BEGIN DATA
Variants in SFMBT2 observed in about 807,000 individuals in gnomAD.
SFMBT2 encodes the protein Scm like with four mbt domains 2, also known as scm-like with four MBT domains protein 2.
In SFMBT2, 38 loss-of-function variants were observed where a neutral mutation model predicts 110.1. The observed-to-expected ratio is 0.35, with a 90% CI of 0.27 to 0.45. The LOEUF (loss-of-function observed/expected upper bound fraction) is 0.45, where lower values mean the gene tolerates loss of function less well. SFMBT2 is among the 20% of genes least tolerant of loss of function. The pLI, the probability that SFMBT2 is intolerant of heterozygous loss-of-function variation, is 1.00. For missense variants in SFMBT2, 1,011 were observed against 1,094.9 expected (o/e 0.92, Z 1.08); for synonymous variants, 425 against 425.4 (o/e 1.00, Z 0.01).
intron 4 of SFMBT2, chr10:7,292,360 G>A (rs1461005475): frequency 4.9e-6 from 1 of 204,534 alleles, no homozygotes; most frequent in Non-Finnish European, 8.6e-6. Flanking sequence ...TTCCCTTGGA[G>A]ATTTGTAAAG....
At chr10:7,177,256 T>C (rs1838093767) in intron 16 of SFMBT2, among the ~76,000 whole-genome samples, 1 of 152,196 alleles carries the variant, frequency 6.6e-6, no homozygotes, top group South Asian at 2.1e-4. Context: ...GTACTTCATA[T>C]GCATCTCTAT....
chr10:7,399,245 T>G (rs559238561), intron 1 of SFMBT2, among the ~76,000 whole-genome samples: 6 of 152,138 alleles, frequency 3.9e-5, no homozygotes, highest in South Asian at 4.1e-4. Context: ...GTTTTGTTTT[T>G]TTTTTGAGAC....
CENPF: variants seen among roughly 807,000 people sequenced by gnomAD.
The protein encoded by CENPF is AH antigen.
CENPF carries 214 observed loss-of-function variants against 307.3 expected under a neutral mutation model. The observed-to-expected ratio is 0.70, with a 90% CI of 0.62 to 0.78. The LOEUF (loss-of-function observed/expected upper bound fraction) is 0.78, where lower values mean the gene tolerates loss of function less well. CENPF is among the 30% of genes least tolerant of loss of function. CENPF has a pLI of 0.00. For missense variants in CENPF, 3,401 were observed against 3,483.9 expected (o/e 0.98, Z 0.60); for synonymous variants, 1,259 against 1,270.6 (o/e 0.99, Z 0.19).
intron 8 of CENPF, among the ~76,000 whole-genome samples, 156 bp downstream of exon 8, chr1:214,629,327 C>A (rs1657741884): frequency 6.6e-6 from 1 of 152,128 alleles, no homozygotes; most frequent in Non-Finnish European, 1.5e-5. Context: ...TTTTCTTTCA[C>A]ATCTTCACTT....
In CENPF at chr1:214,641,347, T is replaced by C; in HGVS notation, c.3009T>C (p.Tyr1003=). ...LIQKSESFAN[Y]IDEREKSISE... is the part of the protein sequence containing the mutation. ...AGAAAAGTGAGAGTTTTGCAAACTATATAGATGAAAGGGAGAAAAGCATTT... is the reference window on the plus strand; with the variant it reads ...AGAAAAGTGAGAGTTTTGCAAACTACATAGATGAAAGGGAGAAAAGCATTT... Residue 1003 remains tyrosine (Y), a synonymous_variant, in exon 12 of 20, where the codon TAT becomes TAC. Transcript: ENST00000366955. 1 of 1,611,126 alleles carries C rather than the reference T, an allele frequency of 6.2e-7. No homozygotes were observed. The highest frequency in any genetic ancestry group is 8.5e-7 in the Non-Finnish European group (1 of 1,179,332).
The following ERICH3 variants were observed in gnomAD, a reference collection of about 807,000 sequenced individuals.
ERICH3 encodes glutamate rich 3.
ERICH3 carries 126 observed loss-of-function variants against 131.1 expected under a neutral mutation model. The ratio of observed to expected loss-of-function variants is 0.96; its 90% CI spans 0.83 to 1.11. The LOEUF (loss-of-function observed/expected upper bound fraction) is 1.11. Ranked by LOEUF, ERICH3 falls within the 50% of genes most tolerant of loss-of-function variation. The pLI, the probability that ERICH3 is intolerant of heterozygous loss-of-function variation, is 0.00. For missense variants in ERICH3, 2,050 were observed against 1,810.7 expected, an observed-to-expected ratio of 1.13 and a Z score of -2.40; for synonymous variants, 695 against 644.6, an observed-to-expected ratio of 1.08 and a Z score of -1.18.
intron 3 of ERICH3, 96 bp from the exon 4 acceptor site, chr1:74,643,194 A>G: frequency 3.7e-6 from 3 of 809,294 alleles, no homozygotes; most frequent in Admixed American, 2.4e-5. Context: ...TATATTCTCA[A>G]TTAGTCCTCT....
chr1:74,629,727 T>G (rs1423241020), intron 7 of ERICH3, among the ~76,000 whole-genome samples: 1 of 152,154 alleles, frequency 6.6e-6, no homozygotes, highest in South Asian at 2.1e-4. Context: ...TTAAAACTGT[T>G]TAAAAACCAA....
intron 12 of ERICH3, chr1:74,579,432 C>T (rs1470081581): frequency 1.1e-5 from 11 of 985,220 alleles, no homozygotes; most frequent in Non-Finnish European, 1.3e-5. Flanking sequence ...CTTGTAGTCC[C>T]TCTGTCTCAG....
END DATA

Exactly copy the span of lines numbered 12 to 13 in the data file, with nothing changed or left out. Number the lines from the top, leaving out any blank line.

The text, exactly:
The following ERICH3 variants were observed in gnomAD, a reference collection of about 807,000 sequenced individuals.
ERICH3 encodes glutamate rich 3.